It is said the Greeks are known for their history, sprawling olive groves and, coincidentally, their tragedies.
I recently traveled with other Tyler Junior College students and members of the community to Greece for spring break. This trip was the most life-changing experience of my life; the bulk of the travel study was incredible, but undertaking such a journey amid the Coronavirus outbreak provided a lot of unprecedented fear.
News about the novel Coronavirus had spread long before I left for Greece, so myself and the other group members were as prepared as possible for traveling during a pandemic. We religiously sanitized and washed our hands and belongings throughout the entire trip. However, as the severity of the outbreak had not yet become apparent, we still shared food, drinks and personal space as normal.
The journey to Greece was surprisingly easygoing. I flew alone and arrived in Athens at 1 a.m. on March 7. No fear had struck me aside from the nervous excitement of exploring a new country (this was my first time out of the U.S.). Waking up the next day, I was refreshed and ready to tackle all of the rich culture and history Greece had to offer.
Throughout the next week or so, the group traveled to a number of cities throughout Greece: Athens, Corinth, Epidaurus, Nafplio, Eleusis, Mycenae, Delphi and Arachova. The most notable sites included the Acropolis, the ruins of Mycenae and Delphi, the rocky shores of Nafplio and the National Archaeological Museum. Our tour guide Maria provided an incredible amount of historical insight throughout our journey and, as a history major, I was practically in heaven.
Things took a turn for the worse when the group reached our hotel in Delphi. Rumors had spread regarding a member of our group feeling unwell. I received a call from Maria early the next morning instructing myself and the rest of the group to remain in our rooms until further notice. She explained the individual was taken to the hospital to be tested for COVID-19.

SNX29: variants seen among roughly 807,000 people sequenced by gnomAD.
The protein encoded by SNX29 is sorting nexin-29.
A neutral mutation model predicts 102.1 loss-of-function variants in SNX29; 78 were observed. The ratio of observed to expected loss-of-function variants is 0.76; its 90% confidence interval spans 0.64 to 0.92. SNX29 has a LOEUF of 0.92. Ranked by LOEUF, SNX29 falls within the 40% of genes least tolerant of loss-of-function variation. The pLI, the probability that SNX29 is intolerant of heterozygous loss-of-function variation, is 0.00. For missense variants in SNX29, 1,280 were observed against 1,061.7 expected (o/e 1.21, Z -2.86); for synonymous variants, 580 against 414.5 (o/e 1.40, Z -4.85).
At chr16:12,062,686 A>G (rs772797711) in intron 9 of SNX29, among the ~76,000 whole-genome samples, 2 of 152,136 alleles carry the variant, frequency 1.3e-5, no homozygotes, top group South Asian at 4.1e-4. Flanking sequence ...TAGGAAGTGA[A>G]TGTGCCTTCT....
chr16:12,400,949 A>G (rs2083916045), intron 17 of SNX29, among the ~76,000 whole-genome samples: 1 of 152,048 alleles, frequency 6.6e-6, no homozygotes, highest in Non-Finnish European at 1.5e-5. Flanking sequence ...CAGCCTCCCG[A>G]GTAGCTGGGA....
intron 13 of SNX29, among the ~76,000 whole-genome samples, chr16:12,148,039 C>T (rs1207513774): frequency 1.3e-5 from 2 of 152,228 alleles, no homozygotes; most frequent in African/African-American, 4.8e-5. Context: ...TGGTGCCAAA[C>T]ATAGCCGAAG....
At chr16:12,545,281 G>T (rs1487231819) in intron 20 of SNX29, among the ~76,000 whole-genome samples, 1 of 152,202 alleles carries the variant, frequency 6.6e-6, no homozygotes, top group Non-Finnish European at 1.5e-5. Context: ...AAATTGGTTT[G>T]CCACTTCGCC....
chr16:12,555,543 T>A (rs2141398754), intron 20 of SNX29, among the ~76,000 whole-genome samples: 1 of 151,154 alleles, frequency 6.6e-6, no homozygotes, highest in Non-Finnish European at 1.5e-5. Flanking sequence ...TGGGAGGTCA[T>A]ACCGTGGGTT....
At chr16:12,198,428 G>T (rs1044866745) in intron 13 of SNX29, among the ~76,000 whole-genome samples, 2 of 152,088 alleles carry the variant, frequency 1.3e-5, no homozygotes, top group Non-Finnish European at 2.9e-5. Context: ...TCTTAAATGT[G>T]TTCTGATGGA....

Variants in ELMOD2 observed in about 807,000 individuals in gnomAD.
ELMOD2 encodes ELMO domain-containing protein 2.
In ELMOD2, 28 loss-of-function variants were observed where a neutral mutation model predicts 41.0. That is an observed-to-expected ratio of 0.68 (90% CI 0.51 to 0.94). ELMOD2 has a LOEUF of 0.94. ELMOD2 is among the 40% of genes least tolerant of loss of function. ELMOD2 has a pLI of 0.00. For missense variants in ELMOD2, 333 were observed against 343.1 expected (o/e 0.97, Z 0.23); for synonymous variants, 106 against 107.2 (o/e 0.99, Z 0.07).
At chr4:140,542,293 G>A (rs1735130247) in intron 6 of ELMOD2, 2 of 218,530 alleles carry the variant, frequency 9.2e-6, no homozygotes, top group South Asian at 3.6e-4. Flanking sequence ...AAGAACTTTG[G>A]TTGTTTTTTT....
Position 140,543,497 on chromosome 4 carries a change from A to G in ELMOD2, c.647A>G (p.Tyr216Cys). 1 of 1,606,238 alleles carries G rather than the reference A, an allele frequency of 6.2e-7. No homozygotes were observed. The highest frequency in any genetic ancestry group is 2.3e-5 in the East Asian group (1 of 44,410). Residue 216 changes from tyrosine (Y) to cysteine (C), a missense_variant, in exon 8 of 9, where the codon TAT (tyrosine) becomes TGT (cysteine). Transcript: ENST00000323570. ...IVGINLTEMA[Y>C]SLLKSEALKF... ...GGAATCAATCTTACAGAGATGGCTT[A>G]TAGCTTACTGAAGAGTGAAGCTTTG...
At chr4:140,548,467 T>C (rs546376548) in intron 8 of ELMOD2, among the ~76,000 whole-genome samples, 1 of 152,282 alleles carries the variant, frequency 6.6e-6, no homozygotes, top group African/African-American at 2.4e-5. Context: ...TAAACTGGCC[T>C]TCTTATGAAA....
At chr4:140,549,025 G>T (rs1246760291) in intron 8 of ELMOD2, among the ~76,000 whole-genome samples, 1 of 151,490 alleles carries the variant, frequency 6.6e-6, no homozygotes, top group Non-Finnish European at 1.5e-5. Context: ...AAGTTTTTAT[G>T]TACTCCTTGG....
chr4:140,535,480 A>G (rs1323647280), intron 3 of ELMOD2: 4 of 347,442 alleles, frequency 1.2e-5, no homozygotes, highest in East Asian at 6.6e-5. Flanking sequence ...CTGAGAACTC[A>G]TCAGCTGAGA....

After 12 anxiety-ridden hours of waiting, his tests came back negative. However, we soon realized the extent of the local reaction to such a scare. The hotel was virtually cleared out when we emerged; the nearby archaeological site and museum had been shut down less than 24 hours after we visited. This is when we knew things were getting bad.
The next day, Greek authorities announced the indefinite closures of all archaeological sites, museums, shopping malls, and full-service restaurants. A few days prior, President Donald Trump announced a travel ban against any non-U.S. residents or residents’ family members from Europe. The announcement also included screening provisions for anyone entering the U.S. from China, Iran or the European Schengen Area, in which Greece is included. Luckily, our group had visited nearly all the sites we planned to see before the closures began. Nevertheless, the empty streets and shuttered shops found upon my return to Athens truly showcased the severity of the Coronavirus pandemic.
My journey home was much more difficult than my arrival. The airport was full of tourists and study abroad students scrambling to return to the U.S. as most tours and programs had been canceled. Upon arrival in the U.S., I was ushered alongside hundreds of other travelers through a Centers for Disease Control and Prevention screening process. I was asked where I had traveled, if I had experienced any symptoms and instructed to self-quarantine for 14 days once I returned home. Finally, after 20 harrowing hours of flying and layovers, I made it back to Dallas.
Strangely, I found myself both relieved and sad to be home. On one hand, I absolutely adored Greece and everything it offered me. I will cherish the memories and friendships I created during my journey for the rest of my life. On the other hand, I never imagined I would have been stuck more than 6,000 miles from my home in the middle of a historic global pandemic. It was scary.
While I may be back in the comforts of my home, the fear persists. I notice people dismiss precautions and continue to put others in danger on American soil. I notice panic-buying, price gouging and prejudice worsen day by day. My experience abroad gave me a new appreciation for the solidarity that should appear during such times of global crisis. No matter one’s ethnicity, nationality, economic status or occupation, we all have a responsibility to look out for one another – to combat total devastation with unconditional support. So long as we all keep our temporary distance, wash our hands and check on affected friends and family, we’ll come out of this together.